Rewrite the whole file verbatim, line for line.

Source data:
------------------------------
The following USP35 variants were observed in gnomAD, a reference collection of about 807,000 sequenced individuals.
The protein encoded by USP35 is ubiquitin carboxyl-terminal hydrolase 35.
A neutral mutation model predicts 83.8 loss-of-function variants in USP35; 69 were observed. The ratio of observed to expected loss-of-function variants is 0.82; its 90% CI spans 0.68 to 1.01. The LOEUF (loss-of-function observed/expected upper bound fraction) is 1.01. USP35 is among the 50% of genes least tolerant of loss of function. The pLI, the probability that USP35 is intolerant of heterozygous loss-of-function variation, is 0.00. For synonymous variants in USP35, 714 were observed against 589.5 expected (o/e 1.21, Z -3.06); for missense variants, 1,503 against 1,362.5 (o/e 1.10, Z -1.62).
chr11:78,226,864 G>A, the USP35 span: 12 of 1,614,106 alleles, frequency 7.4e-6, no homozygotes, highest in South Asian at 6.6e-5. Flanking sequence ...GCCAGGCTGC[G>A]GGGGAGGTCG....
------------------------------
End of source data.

The following USP35 variants were observed in gnomAD, a reference collection of about 807,000 sequenced individuals.
The protein encoded by USP35 is ubiquitin carboxyl-terminal hydrolase 35.
A neutral mutation model predicts 83.8 loss-of-function variants in USP35; 69 were observed. The ratio of observed to expected loss-of-function variants is 0.82; its 90% CI spans 0.68 to 1.01. The LOEUF (loss-of-function observed/expected upper bound fraction) is 1.01. USP35 is among the 50% of genes least tolerant of loss of function. The pLI, the probability that USP35 is intolerant of heterozygous loss-of-function variation, is 0.00. For synonymous variants in USP35, 714 were observed against 589.5 expected (o/e 1.21, Z -3.06); for missense variants, 1,503 against 1,362.5 (o/e 1.10, Z -1.62).
chr11:78,226,864 G>A, the USP35 span: 12 of 1,614,106 alleles, frequency 7.4e-6, no homozygotes, highest in South Asian at 6.6e-5. Flanking sequence ...GCCAGGCTGC[G>A]GGGGAGGTCG....